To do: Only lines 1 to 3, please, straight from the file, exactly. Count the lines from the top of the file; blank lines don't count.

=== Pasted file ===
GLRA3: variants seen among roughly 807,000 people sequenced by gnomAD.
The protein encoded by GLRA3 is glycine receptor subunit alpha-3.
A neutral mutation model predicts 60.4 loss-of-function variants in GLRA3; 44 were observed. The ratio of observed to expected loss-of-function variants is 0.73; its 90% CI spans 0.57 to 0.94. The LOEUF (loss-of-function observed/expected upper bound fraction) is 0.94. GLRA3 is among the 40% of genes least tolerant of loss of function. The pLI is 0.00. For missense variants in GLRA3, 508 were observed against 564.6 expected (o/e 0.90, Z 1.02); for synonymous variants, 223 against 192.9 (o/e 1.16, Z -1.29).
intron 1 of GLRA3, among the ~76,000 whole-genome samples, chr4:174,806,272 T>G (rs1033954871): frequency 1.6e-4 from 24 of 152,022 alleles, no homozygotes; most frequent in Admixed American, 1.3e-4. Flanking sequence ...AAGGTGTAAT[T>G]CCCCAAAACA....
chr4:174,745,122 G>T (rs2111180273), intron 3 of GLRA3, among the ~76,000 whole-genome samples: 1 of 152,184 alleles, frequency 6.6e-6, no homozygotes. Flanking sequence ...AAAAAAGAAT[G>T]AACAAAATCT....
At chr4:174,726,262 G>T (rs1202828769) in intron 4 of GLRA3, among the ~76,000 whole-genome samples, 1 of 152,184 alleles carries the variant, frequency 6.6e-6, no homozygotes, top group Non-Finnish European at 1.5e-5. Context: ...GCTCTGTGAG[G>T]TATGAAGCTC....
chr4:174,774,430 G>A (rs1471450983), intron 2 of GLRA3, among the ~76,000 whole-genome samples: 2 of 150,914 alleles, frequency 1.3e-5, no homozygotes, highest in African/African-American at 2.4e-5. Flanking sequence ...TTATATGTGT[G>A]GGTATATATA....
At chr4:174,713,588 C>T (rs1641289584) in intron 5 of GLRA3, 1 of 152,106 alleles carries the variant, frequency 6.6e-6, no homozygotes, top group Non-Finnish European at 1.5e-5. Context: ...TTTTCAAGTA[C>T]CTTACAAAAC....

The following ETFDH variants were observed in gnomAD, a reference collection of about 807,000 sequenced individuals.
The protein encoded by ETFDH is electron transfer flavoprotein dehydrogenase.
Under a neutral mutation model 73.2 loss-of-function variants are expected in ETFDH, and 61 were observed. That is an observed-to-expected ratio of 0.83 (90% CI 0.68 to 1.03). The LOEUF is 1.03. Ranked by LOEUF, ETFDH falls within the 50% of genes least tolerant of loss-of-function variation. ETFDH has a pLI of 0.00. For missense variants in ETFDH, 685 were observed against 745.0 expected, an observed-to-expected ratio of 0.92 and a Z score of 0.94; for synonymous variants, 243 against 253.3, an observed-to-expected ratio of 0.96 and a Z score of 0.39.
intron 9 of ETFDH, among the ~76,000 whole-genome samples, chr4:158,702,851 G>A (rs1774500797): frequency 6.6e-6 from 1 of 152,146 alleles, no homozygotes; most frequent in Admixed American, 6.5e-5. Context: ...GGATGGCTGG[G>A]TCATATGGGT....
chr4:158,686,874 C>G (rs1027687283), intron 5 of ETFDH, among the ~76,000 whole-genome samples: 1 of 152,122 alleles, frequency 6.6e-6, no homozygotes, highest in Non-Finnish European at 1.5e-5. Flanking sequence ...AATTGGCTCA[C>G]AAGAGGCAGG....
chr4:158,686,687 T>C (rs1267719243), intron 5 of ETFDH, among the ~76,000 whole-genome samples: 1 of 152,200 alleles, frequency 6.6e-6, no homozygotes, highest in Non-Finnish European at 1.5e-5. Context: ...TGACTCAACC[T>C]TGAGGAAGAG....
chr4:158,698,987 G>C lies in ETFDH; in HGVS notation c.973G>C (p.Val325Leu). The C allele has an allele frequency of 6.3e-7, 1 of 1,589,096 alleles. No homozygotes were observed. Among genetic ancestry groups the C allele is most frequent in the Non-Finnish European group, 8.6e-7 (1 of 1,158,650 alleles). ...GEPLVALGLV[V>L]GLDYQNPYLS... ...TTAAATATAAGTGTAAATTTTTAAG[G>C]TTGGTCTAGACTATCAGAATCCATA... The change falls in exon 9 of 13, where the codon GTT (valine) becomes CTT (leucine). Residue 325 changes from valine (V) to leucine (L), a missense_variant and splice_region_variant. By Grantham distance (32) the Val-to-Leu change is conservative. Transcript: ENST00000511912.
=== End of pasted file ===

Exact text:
GLRA3: variants seen among roughly 807,000 people sequenced by gnomAD.
The protein encoded by GLRA3 is glycine receptor subunit alpha-3.
A neutral mutation model predicts 60.4 loss-of-function variants in GLRA3; 44 were observed. The ratio of observed to expected loss-of-function variants is 0.73; its 90% CI spans 0.57 to 0.94. The LOEUF (loss-of-function observed/expected upper bound fraction) is 0.94. GLRA3 is among the 40% of genes least tolerant of loss of function. The pLI is 0.00. For missense variants in GLRA3, 508 were observed against 564.6 expected (o/e 0.90, Z 1.02); for synonymous variants, 223 against 192.9 (o/e 1.16, Z -1.29).